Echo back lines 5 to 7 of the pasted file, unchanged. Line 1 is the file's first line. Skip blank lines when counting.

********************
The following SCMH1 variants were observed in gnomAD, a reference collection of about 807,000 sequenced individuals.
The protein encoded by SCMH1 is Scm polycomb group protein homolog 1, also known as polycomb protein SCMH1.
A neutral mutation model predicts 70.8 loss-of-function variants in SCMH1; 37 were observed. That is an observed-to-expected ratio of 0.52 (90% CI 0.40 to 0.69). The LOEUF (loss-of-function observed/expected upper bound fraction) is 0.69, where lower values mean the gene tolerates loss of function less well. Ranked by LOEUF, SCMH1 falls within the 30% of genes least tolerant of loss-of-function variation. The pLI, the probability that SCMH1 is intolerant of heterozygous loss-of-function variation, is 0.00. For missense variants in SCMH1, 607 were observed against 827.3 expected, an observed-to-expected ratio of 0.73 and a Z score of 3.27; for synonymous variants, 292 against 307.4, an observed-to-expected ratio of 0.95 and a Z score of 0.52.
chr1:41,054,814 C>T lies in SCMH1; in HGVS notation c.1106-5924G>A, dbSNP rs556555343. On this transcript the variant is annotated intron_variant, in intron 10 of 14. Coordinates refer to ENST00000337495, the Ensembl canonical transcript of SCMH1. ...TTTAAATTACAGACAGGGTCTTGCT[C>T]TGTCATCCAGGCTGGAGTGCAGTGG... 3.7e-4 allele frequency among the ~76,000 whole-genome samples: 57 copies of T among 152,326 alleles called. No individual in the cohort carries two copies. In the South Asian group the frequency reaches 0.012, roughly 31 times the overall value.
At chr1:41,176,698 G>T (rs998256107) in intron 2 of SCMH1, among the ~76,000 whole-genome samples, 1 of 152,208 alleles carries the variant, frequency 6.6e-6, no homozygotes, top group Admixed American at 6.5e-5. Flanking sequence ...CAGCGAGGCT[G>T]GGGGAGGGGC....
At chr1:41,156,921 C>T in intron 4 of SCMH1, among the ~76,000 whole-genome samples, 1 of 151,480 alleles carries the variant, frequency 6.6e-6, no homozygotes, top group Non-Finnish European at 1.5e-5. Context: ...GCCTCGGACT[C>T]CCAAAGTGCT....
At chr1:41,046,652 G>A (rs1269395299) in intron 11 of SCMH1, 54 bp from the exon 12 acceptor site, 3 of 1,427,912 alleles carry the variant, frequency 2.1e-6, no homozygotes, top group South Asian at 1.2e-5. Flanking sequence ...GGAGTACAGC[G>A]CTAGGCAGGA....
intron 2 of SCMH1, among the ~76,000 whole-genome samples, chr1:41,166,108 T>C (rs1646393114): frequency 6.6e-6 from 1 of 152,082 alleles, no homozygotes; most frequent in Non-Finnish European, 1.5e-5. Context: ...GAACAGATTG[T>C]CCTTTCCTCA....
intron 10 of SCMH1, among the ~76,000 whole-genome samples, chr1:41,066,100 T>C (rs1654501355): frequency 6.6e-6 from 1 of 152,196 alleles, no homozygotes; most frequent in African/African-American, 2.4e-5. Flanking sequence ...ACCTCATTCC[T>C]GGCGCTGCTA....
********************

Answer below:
At chr1:41,176,698 G>T (rs998256107) in intron 2 of SCMH1, among the ~76,000 whole-genome samples, 1 of 152,208 alleles carries the variant, frequency 6.6e-6, no homozygotes, top group Admixed American at 6.5e-5. Flanking sequence ...CAGCGAGGCT[G>T]GGGGAGGGGC....
At chr1:41,156,921 C>T in intron 4 of SCMH1, among the ~76,000 whole-genome samples, 1 of 151,480 alleles carries the variant, frequency 6.6e-6, no homozygotes, top group Non-Finnish European at 1.5e-5. Context: ...GCCTCGGACT[C>T]CCAAAGTGCT....
At chr1:41,046,652 G>A (rs1269395299) in intron 11 of SCMH1, 54 bp from the exon 12 acceptor site, 3 of 1,427,912 alleles carry the variant, frequency 2.1e-6, no homozygotes, top group South Asian at 1.2e-5. Flanking sequence ...GGAGTACAGC[G>A]CTAGGCAGGA....